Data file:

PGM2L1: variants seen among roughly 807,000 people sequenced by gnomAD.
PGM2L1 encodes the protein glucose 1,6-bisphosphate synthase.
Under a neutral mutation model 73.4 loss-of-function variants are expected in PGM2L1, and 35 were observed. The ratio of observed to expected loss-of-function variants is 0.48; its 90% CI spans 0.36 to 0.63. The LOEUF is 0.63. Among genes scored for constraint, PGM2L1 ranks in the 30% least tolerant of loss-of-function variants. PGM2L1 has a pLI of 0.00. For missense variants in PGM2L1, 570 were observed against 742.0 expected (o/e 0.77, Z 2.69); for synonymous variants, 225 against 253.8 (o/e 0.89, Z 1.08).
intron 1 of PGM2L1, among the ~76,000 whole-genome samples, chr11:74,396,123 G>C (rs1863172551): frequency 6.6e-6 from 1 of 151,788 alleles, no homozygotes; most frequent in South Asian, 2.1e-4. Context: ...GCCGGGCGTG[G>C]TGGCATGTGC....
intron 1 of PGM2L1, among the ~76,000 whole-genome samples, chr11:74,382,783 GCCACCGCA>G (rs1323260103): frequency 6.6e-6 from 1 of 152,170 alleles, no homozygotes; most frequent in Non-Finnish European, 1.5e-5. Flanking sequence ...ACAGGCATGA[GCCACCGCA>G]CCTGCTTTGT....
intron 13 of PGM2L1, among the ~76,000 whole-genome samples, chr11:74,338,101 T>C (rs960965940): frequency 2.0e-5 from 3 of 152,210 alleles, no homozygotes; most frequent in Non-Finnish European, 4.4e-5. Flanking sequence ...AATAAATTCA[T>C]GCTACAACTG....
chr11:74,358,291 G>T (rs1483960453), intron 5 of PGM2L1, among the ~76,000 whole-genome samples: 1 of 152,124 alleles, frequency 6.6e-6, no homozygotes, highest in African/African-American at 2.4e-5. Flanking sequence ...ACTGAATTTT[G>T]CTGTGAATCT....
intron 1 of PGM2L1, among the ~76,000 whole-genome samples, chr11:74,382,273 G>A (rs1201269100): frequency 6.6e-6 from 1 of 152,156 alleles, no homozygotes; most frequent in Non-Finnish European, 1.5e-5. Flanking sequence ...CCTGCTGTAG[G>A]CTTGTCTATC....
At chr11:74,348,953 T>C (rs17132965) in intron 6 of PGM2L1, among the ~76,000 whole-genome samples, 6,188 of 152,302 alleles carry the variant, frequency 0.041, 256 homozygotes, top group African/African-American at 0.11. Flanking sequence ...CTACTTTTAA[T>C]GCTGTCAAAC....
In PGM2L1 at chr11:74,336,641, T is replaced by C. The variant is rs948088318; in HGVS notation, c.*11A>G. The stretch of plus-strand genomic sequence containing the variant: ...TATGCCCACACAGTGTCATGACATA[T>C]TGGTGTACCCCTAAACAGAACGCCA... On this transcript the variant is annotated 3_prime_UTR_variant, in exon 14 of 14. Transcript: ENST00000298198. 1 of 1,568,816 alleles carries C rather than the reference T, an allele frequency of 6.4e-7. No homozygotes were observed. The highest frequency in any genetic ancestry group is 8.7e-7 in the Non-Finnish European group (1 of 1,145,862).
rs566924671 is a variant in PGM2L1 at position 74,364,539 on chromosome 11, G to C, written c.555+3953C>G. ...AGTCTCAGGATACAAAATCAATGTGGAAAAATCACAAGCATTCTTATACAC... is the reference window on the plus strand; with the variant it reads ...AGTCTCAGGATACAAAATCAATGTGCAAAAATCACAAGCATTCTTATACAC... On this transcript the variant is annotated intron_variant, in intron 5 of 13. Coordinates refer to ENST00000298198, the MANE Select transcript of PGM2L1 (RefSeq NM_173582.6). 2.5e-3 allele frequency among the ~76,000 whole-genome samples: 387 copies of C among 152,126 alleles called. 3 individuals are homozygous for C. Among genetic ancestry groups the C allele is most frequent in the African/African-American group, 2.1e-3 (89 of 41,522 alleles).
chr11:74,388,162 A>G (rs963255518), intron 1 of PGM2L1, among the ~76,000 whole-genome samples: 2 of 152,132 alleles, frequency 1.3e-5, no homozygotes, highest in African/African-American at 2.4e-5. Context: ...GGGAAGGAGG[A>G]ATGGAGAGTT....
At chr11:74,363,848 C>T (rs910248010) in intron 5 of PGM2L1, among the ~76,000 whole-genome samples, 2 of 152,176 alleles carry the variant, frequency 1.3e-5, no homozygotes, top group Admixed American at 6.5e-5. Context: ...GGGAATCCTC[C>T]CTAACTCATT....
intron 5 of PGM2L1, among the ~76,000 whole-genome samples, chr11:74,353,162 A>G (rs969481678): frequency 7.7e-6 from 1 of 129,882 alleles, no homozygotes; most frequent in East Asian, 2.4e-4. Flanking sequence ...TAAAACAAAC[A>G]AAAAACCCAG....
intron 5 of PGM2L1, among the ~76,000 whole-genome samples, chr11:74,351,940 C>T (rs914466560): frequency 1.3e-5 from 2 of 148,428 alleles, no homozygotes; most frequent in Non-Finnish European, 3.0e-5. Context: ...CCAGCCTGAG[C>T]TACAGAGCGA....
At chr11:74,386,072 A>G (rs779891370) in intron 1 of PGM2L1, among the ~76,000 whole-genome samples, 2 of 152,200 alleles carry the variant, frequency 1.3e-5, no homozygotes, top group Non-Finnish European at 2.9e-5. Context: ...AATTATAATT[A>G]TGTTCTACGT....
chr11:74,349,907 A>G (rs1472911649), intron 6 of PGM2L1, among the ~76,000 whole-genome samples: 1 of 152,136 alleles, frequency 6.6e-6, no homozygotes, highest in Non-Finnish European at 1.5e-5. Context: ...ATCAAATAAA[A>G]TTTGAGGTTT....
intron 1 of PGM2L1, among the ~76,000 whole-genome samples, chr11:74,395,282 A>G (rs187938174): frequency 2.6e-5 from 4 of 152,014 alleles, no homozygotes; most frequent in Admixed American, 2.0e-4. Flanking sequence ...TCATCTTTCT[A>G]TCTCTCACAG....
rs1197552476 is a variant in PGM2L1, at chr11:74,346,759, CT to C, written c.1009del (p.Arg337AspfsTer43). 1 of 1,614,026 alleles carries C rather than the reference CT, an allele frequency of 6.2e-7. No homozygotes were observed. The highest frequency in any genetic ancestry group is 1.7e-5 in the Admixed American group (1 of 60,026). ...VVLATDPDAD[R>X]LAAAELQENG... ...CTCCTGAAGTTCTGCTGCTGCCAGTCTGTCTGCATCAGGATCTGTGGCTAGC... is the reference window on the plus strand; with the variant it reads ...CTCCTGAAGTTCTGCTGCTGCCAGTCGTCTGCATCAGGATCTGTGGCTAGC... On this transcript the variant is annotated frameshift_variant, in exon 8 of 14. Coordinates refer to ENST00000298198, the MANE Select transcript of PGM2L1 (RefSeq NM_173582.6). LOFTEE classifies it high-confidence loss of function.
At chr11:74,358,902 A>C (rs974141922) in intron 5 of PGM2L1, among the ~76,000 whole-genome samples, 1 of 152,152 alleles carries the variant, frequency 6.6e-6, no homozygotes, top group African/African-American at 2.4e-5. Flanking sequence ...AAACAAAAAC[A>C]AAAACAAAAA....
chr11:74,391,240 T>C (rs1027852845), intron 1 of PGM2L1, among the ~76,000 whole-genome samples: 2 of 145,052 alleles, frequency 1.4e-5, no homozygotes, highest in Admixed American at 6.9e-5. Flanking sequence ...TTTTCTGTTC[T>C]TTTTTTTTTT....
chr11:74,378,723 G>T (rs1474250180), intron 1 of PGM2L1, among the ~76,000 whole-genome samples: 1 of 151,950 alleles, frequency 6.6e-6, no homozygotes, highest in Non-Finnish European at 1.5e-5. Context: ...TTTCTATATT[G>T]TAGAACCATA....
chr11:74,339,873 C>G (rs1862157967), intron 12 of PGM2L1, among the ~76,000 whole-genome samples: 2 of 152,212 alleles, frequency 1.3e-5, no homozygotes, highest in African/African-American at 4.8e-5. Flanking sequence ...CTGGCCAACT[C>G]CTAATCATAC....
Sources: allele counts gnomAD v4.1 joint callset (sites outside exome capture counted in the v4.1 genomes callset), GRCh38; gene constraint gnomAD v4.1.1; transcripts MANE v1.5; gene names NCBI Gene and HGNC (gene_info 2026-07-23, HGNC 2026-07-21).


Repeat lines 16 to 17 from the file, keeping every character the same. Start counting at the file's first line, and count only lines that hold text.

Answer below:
At chr11:74,386,072 A>G (rs779891370) in intron 1 of PGM2L1, among the ~76,000 whole-genome samples, 2 of 152,200 alleles carry the variant, frequency 1.3e-5, no homozygotes, top group Non-Finnish European at 2.9e-5. Context: ...AATTATAATT[A>G]TGTTCTACGT....
chr11:74,349,907 A>G (rs1472911649), intron 6 of PGM2L1, among the ~76,000 whole-genome samples: 1 of 152,136 alleles, frequency 6.6e-6, no homozygotes, highest in Non-Finnish European at 1.5e-5. Context: ...ATCAAATAAA[A>G]TTTGAGGTTT....